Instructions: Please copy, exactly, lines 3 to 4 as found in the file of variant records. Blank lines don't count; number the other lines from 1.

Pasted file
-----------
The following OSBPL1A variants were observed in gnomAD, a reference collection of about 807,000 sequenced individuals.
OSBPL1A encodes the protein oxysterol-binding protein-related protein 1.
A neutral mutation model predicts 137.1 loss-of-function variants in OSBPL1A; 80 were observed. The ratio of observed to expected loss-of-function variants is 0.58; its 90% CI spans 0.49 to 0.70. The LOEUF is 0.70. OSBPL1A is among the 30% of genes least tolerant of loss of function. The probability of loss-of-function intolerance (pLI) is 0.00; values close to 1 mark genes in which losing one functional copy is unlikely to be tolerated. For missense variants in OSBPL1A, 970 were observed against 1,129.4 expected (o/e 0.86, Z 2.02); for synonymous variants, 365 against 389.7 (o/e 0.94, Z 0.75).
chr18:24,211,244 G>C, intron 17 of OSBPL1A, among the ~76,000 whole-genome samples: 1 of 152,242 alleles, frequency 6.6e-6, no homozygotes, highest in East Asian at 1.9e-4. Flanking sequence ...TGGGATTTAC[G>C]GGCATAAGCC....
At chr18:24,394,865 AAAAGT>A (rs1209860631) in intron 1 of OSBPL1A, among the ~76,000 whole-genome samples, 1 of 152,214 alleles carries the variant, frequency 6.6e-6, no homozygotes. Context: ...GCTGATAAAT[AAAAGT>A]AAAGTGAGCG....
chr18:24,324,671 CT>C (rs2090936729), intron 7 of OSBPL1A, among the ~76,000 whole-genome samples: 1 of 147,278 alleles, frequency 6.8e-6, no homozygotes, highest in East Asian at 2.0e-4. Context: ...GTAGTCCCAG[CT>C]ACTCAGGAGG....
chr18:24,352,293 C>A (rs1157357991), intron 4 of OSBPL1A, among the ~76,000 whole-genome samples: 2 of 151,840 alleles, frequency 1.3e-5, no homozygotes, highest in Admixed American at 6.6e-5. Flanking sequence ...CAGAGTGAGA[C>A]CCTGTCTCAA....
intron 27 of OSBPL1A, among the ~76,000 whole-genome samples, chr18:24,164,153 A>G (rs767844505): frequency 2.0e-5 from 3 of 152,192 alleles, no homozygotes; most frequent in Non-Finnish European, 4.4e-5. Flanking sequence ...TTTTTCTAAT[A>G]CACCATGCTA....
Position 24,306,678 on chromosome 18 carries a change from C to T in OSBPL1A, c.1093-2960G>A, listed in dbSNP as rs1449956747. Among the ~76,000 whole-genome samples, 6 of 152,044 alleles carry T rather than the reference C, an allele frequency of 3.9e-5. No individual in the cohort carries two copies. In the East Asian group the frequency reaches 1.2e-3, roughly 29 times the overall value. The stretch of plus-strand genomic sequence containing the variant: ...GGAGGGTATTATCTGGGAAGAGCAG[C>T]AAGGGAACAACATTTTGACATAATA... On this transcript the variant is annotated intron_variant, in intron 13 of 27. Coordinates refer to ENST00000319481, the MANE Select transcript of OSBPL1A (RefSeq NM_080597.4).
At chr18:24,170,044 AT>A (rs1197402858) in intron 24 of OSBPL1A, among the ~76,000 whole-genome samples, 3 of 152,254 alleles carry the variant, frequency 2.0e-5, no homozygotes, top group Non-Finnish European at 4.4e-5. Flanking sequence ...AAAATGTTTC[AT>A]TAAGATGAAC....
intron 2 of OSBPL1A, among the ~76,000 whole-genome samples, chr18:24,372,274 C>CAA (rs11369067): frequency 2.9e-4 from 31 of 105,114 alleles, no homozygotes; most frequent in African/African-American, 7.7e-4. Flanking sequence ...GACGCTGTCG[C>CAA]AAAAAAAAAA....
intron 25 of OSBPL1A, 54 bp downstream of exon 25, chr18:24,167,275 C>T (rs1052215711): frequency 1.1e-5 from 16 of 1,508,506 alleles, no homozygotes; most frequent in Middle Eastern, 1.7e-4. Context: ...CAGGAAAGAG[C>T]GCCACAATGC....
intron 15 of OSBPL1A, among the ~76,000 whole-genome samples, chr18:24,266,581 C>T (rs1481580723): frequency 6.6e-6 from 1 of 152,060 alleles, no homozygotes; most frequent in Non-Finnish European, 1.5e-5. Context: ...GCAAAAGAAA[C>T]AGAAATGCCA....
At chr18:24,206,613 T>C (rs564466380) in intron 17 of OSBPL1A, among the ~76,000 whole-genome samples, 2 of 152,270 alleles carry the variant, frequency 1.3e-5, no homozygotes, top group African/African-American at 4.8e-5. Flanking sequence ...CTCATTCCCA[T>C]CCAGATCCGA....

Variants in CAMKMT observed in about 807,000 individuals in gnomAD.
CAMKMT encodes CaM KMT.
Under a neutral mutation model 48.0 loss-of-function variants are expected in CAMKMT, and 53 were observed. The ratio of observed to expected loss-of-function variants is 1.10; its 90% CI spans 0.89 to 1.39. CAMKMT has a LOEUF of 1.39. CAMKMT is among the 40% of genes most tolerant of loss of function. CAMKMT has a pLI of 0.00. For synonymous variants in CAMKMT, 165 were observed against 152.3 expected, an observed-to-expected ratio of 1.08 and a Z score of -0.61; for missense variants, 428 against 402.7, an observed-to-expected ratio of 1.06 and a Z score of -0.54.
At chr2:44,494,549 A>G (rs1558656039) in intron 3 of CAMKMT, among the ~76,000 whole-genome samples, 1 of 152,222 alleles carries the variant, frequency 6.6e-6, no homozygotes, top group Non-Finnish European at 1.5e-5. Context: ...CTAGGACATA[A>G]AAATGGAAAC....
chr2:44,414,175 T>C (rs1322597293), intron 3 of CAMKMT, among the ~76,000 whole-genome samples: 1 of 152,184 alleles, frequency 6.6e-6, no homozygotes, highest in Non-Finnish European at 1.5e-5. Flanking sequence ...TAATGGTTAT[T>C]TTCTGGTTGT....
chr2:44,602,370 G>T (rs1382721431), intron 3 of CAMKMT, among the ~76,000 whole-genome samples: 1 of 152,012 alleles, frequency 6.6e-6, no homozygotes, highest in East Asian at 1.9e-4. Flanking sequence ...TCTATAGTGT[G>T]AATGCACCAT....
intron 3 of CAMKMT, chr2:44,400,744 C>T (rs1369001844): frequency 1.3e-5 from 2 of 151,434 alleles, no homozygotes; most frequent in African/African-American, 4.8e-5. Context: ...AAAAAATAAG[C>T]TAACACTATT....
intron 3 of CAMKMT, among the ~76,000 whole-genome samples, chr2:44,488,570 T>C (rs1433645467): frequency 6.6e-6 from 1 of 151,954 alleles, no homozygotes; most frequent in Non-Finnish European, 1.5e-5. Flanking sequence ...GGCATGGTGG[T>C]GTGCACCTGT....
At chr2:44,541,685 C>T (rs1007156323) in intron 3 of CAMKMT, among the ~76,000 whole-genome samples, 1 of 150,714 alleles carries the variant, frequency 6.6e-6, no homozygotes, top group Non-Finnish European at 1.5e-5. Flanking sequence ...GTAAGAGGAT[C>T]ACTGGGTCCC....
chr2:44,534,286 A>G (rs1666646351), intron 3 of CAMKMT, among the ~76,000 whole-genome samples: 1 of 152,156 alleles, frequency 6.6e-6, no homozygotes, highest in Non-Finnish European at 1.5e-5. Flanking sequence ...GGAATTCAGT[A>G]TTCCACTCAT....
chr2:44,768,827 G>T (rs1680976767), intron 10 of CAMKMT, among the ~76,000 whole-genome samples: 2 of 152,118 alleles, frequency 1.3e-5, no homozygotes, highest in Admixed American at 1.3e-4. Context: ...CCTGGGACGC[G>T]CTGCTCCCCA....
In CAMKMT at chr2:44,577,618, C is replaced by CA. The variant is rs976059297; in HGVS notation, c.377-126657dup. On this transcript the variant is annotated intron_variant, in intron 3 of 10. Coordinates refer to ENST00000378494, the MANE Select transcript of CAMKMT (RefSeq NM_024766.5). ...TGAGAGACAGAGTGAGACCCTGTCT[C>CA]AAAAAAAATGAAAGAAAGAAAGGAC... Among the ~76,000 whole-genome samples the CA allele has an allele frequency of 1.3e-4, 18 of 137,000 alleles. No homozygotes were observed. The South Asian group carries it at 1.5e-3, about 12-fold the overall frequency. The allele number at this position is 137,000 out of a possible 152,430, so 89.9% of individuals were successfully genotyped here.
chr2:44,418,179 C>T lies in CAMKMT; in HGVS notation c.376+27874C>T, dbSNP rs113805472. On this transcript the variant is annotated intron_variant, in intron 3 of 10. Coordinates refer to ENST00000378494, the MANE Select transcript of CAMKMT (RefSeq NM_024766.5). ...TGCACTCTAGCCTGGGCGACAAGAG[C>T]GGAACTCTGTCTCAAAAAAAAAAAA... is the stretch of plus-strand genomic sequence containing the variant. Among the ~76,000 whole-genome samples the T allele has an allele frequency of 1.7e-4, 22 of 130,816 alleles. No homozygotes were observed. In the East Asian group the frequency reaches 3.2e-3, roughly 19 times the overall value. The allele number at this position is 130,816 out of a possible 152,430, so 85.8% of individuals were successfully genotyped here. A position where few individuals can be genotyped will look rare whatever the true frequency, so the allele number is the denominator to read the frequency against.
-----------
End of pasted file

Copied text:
A neutral mutation model predicts 137.1 loss-of-function variants in OSBPL1A; 80 were observed. The ratio of observed to expected loss-of-function variants is 0.58; its 90% CI spans 0.49 to 0.70. The LOEUF is 0.70. OSBPL1A is among the 30% of genes least tolerant of loss of function. The probability of loss-of-function intolerance (pLI) is 0.00; values close to 1 mark genes in which losing one functional copy is unlikely to be tolerated. For missense variants in OSBPL1A, 970 were observed against 1,129.4 expected (o/e 0.86, Z 2.02); for synonymous variants, 365 against 389.7 (o/e 0.94, Z 0.75).
chr18:24,211,244 G>C, intron 17 of OSBPL1A, among the ~76,000 whole-genome samples: 1 of 152,242 alleles, frequency 6.6e-6, no homozygotes, highest in East Asian at 1.9e-4. Flanking sequence ...TGGGATTTAC[G>C]GGCATAAGCC....